Seeing interest piqued by their movable sauna, though, the team was motivated to roll it out in rotating locations in and near San Francisco. It has pulled up everywhere from grassy fields in Marin County to San Francisco’s Noe Valley neighborhood, parking on the street next to the local community space. Using the sauna is free for the first session, but they ask for donations if you want a second or third go-round. Left Coast Sauna is now contemplating a sauna parking spot in SF’s Mission District.

5. Portsmouth, New Hampshire — Snowy surf sauna

Surf Sauna

Photo: Surf Sauna

Diehard surfers in the US’s northeast have taken the Left Coast Sauna idea to a new extreme. They saw a problem and found a solution: how to surf when the waves are good but the air temperature is below freezing and the ground is covered in snow? Wetsuits can only be so thick before you start looking like the Michelin man and can’t even paddle.

Take a cue from the Finns and warm up between outdoor sessions in the Surf Sauna, the joint project of New Hampshire surfers, craftsmen, and seasoned seamen. Made of red cedar, the Surf Sauna comes in the same barrel shape and can be pulled right up to the shore on the snowiest surf day — the idea itself no longer an oxymoron.

6. Vestvågøy, Norway — Sauna stretching out over rocks

This crazy sauna structure that stretches out like unfolded origami paper over rocks by the seashore on one of Norway’s Lofoten Islands was designed by students of the Oslo School of Architecture and Design. The sauna complex was built in a former fishing village near an abandoned fisherman’s house and buildings once used for salting cod and producing cod-liver oil.

The hope is to turn the area into an art and culture center with the Bands Sauna as a centerpiece. The sauna structure has a spacious 160-square-foot sauna, a sunken hot tub, and a picnic area, plus access to icy waters for a refreshing dip between perspiration sessions.

7. Colroy-la-roche, France — Raised sauna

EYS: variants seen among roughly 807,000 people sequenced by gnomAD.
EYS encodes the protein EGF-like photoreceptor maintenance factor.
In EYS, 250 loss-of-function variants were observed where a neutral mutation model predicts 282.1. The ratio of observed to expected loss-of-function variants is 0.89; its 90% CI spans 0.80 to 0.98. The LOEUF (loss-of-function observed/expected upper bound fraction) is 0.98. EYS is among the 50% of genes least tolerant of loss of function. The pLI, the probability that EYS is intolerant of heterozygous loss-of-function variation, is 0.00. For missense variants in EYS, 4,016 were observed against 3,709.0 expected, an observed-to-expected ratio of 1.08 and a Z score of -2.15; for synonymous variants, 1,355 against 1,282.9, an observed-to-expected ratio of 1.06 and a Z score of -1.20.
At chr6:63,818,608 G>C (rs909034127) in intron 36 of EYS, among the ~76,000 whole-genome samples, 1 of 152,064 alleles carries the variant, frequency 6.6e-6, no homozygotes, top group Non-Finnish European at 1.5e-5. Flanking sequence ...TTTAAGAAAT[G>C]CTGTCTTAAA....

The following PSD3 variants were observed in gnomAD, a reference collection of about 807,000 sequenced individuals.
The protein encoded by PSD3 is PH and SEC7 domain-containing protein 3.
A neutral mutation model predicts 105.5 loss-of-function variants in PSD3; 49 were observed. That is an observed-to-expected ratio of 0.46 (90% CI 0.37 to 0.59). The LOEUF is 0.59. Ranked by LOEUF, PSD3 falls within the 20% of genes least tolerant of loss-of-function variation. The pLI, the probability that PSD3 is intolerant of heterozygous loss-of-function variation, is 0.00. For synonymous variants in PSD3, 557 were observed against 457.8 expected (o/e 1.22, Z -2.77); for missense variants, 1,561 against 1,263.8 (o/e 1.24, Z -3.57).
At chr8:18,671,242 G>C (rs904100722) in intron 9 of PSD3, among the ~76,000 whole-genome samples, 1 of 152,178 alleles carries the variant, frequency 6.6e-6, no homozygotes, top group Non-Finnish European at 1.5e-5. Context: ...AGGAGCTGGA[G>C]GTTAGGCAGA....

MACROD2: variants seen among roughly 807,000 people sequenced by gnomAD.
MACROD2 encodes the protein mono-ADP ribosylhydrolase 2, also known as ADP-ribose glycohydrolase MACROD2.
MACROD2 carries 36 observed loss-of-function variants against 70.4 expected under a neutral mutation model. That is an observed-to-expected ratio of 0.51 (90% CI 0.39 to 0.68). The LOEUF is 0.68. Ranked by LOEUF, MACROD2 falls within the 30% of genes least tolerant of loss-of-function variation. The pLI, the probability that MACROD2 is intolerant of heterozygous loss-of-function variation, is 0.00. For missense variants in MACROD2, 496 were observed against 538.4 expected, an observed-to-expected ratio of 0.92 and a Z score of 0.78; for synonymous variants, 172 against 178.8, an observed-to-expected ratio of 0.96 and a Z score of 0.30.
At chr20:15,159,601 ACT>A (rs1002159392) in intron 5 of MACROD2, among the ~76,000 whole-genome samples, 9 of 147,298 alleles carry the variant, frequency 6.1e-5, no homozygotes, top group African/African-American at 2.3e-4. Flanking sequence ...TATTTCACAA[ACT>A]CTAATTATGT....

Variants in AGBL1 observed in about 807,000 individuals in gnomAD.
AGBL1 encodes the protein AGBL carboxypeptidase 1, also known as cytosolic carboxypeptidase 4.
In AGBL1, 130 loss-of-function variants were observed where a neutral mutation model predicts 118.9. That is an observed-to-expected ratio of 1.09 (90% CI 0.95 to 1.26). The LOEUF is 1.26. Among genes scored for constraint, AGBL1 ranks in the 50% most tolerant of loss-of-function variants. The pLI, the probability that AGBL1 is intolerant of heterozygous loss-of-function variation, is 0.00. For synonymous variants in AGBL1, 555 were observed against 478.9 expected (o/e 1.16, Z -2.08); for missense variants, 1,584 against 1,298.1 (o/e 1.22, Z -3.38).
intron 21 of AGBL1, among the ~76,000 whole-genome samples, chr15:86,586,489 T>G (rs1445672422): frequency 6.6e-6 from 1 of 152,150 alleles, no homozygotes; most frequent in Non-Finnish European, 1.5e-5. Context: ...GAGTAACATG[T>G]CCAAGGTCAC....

The wooded hills seem to go on forever in this hilly, forested Alsace region of France, not far from the Rhine River and the German border. The Hostellerie La Cheneaudière & Spa wanted its guests to savor the view while relaxing in the sauna, so it built a sauna on the second level of the hotel with nothing underneath but the columns to support it.

After downhill or cross-country skiing in winter, or hiking and mountain biking in summer, hotel guests can relax by the pool and walk up the stairs to the elevated sauna and admire the natural vistas. If guests have done no exercise at all, the sauna has the added benefit of helping them sweat out the alcohol from all the fabulous French wine they’ve been drinking.

8. Bochum, Germany – Sauna tower

In Germany’s erstwhile coal-producing region, in the middle of what the architecture firm modulorbeat calls “an industrial wasteland,” this 24-foot-high sauna is built out of stacked, four-sided, prefabricated concrete frames. The frames were once used for coal-mining pits. Here, instead of going down a mineshaft, you climb up. The ground floor holds a plunge pool, the middle level holds the sauna, and the top floor holds a relaxation room with a view of the sky.

The name of this architectural oddity is “One Man Sauna” because the sauna room is big enough for only one person, and the area above has just one bed to lay on and observe the sky. The idea is to create a space for calm and relaxation but also to contemplate a place, like an industrial ghost town, where there is no longer anything to do.